On the other end of the spectrum are proxy wines. Like the Welch’s example, proxy wines may use wine grapes, grape juice, or completely alternative ingredients. But, they never go through fermentation, so sugars never convert into alcohol, meaning the wines are truly 0% ABV. Recent examples, like Proxies, are trying to own this category and seeing great success by partnering with prominent sommeliers like Andre Mack.  

In the middle of the spectrum is where complications arise. Dealcoholized wines begin by going through traditional wine fermentation but then proceed to a distillation process to remove the alcohol. The result is a wine with less than 0.5% ABV. Up-and-coming NA wine companies like Giesen or Fre (owned by Sutter Home) only produce dealcoholized wine. 

How Dealcoholized Wines Are Made

There are three primary methods to produce dealcoholized wine. The first is through a vacuum distillation process. Winemakers heat the wine in a vacuum to around 35°C (95°F), high enough to evaporate alcohol but not so high that it cooks the wine. After the alcohol evaporates, the wine cools and goes into bottles. This method was invented by Carl Jung (not the psychologist) in the early 1900s.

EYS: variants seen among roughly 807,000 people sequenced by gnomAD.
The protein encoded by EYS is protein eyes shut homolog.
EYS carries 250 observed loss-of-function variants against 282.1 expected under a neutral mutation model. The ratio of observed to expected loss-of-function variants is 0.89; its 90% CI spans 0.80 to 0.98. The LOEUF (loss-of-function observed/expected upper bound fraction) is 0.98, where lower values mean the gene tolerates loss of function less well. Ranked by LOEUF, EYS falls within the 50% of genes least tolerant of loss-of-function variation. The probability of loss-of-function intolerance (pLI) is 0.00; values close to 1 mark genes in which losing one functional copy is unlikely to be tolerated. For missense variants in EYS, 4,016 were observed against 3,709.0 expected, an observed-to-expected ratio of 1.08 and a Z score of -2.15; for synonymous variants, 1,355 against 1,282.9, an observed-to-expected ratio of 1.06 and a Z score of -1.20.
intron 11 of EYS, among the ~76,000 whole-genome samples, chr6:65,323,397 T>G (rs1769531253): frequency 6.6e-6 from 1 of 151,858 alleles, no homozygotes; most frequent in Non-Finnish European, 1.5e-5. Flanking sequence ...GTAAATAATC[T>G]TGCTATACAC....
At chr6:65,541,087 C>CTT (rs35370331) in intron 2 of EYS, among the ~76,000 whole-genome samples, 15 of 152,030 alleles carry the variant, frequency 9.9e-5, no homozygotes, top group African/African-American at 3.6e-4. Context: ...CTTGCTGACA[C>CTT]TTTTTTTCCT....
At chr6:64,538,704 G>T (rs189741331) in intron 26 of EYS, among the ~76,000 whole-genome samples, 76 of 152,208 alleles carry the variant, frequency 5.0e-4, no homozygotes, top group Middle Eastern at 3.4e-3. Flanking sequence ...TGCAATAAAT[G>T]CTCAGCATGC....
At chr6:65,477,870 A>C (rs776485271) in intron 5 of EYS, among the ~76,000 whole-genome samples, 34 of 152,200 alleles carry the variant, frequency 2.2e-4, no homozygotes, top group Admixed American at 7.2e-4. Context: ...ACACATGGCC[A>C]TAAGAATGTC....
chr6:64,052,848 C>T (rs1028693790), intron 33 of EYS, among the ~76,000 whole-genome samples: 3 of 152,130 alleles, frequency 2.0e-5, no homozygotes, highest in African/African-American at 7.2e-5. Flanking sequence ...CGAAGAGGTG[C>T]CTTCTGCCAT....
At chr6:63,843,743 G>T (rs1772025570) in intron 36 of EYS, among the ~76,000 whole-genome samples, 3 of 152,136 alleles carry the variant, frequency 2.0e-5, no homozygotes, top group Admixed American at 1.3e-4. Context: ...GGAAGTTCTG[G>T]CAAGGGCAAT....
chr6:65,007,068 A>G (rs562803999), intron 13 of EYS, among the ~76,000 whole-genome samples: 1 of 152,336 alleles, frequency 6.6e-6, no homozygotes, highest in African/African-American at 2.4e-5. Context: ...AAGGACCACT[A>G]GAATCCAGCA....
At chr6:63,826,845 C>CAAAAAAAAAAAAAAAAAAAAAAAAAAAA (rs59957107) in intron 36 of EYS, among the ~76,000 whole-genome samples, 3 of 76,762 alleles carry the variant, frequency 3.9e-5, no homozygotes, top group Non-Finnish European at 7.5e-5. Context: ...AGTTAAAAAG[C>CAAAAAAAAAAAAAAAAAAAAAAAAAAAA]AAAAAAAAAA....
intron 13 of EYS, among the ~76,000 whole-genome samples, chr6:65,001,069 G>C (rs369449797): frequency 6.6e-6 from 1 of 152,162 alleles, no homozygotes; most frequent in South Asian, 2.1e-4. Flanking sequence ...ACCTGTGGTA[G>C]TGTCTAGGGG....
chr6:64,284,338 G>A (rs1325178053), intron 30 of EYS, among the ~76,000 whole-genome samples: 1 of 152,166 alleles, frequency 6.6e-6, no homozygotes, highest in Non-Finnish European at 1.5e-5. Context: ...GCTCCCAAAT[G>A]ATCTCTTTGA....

The second method is reverse osmosis, where wine goes through a filter to remove components from the wine, including alcohol. The alcohol is then distilled, like the first method, and the remaining elements combine back into the wine. Food chemist and entrepreneur Andrew Craig originally developed this concept before being popularized for wine by marketer Tony Dann.

The last method is the most complex: spinning cone columns, where the wine passes down a vertical series of spinning cones. As the liquid goes down, the spinning motion separates the liquid from the different components, including alcohol. The alcohol remains separated, and the other desired components integrate into the wine. Newer non-alcoholic wine brands use this technology because it does not require heating the wine.

Are Alcohol-Free Wines, Wine?

While this question is up for debate, it depends on the type of NA wine. Many proxy wines never use wine grapes (or any grape) and don’t claim to be wine. They are a wine alternative.